There is nothing easy about starting a new project that includes creating a new part or an entire product, even for the most experienced engineers and entrepreneurs. Sometimes, even creating a tiny bolt can take hours of meticulous planning, calculating, and drawing.
On top of that, you have to figure out the actual forming process that will lead to the creation of the physical part.
Very often, that choice is between a CNC milling service and 3D printing. Here are some of the most important factors to consider when choosing between the two technologies.
This is one of the most important factors to consider when choosing the best-suited technology. CNC machines can achieve accuracy of up to 0.01 inches, while the tolerance can range up to 0.005 in.
On the other hand, 3D printer accuracy can vary from printer to printer, as well as on the used technology. For example, a desktop FDM 3D printer features an accuracy of 0.5mm, while with the industrial ones, it can be as much as 0.2mm.
If it is an SLS 3D printer, the accuracy will be in the range of +/- 0.3mm. If it is a metal 3D printer, the accuracy will likely be +/- 0.1 mm.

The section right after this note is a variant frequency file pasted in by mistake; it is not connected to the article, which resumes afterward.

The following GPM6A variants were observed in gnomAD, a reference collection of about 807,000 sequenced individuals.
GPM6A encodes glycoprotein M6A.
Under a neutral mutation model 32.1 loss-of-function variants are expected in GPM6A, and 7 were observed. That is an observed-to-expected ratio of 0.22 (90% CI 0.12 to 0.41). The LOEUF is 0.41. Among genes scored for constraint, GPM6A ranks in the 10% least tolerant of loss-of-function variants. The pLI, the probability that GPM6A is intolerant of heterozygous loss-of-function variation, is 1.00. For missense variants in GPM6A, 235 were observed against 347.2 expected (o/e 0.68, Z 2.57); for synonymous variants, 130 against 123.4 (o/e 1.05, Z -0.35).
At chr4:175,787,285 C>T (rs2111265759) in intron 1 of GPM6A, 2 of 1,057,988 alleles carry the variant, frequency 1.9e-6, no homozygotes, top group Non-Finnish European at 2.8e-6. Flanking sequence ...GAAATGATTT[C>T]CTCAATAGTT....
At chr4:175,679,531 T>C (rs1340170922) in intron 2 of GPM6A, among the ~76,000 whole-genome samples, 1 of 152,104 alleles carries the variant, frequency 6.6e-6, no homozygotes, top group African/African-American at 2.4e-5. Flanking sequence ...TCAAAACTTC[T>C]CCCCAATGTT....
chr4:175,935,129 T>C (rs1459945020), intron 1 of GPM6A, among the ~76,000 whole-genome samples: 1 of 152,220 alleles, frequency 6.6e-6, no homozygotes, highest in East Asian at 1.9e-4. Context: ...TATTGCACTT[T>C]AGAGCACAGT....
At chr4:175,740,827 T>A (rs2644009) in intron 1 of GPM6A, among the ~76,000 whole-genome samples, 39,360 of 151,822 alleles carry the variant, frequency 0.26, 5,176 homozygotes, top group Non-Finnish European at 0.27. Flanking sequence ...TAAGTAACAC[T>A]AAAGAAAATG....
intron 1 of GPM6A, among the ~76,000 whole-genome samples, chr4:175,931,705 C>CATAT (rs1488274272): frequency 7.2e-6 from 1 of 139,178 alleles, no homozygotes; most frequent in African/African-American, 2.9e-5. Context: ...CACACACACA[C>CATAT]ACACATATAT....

Some parts cannot be manufactured with a CNC milling machine. If the part includes complex internal parts such as overhangs, then your only option can easily be 3D printing.
In both cases, the production cost is determined by factors such as the volume of the object, the material used, and the complexity.
In the case of 3D printing, you pay for the used material and the final volume of the object.
If you opt for CNC milling, then keep in mind that the smaller the object, the less cost-effective it is. In most cases, it’s way more cost-effective to use CNC milling for a larger object.
Structural parts that will be exposed to continuous physical loads are mainly made with CNC machining. 3D printing is preferred for creating non-structural parts. However, by adding some fiber reinforcement, the part can gain significant strength improvement.
The Greener Option
From this perspective, a 3D printer is the greener option because it uses less energy, and practically there isn’t any waste. On average, CNC machines tend to draw way more electricity because of the cutting tools, and after the process is completed, there can be plenty of waste.
The simple truth is that 3D printing is not cost-effective for larger orders. That’s not the case with CNC milling. At the same time, sometimes CNC can’t produce certain complex products, while a 3D printer can.
So it is fair to say that each technology has its advantages, as well as limitations. Understanding them is the most important step in choosing the right technology.